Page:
Expect Consult Confusion to Continue
Published on Wed Aug 08, 2007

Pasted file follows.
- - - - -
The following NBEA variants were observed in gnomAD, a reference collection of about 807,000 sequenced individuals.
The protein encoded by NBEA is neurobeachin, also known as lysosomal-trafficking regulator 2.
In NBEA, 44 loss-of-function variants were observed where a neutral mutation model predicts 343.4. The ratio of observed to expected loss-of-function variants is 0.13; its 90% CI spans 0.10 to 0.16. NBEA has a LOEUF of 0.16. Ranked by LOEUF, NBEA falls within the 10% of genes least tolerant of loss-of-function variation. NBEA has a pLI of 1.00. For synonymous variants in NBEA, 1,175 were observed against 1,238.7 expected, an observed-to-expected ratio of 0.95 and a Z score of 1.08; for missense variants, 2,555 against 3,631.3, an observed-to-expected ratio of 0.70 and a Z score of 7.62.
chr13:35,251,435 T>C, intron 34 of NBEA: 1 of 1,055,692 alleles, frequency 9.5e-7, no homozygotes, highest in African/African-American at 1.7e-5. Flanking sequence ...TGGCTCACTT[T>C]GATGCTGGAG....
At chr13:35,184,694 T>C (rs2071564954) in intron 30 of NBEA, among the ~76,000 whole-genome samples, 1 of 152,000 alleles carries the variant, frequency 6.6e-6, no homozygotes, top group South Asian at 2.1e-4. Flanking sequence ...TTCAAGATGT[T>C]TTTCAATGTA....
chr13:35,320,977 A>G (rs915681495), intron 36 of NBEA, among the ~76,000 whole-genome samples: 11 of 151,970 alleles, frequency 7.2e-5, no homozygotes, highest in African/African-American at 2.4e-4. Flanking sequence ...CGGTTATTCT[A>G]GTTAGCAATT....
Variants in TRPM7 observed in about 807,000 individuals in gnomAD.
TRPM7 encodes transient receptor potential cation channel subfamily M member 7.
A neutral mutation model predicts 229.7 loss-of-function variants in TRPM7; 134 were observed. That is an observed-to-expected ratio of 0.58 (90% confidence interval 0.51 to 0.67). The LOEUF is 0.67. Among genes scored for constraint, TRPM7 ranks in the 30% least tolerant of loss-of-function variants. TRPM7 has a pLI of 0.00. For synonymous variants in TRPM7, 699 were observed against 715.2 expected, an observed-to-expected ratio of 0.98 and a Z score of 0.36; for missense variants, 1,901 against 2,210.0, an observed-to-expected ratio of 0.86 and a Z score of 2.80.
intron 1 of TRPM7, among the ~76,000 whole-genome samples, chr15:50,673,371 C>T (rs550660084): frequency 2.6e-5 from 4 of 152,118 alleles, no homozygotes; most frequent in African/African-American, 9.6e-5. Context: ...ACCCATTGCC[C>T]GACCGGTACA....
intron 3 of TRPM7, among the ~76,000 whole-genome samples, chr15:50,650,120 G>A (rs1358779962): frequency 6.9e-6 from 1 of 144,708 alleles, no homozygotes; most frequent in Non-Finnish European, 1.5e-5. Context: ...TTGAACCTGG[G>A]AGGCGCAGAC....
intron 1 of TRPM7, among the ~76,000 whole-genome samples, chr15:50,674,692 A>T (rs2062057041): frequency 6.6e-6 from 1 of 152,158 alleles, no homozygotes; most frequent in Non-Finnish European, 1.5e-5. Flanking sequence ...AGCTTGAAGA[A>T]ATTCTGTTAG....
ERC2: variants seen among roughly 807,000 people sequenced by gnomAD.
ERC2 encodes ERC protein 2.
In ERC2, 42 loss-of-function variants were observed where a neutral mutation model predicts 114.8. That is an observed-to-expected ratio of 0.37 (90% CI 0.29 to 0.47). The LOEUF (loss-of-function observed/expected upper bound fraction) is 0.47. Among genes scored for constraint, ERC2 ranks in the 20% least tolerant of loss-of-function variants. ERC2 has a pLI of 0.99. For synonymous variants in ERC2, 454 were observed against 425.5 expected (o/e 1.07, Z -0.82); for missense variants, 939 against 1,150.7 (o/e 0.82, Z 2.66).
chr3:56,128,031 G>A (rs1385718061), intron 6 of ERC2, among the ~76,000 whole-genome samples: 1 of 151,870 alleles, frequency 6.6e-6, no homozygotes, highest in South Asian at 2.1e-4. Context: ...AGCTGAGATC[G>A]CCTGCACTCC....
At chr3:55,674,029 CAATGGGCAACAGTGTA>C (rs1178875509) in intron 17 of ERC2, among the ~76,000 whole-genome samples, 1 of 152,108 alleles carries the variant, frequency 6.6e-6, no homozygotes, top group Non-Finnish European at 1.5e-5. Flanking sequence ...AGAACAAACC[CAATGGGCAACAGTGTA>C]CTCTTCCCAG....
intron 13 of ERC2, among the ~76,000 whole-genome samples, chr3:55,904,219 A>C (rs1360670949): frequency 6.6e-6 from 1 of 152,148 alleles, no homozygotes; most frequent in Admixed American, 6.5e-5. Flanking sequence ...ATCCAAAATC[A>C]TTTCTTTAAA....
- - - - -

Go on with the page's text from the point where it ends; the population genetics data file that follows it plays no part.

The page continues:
Question: Has CMS sorted out the difference between a consult and a transfer of care? Will CPT 2008 clarify the issue? North Carolina Subscriber Answer: Unfortunately, the experts still can't agree how a consult differs from a transfer of care. The CPT Editorial Panel failed to reach a consensus on how to clarify the consult definition at its February meeting, according to the Physician Regulatory Issues Team (PRIT) at CMS. That means there won't be any clarification in the CPT 2008 update. CMS was hoping the CPT update would settle some of the confusion that the agency created with Transmittal 788, according to William Rogers, the PRIT's chairman. -A transfer of care occurs when a physician or qualified [nonphysician practitioner] NPP requests that another physician or qualified NPP take over the responsibility for managing the patient's complete care for the condition and does not expect to continue treating or caring for the patient for that condition,- CMS wrote. That sentence worried many otolaryngologists, who thought that CMS was barring them from coding a consult when a physician requests an opinion on a patient for a specific problem and the specialist then treats it. For instance, a pediatrician sends a child who has chronic otitis media to an ENT for possible tubes. Does this typical ENT scenario qualify as a consult or as a transfer of care? CMS could still clarify the consult issue with another transmittal, but -things have really slowed to a crawl- with preparation for next year's physician fee schedule and other rules, Rogers says. He and another CMS official spoke to the American Academy of Nurse Practitioners in early April and -got beat up about the consult issue.- So they-re aware that -people would like to see a clarification sooner rather than later.- Rest easy? You-re not likely to receive a denial based on this issue, but it could present a problem in an audit, Rogers says. So far, he hasn't heard of either the Recovery Audit Contractors (RACs) or the carriers auditing providers- consults. What to do: If a physician sends a patient to your otolaryngologist for a consult and your surgeon decides to treat the problem, send the requesting physician a letter first. The letter should explain the patient's problem and state that the two physicians have agreed that the specialist will take care of it.
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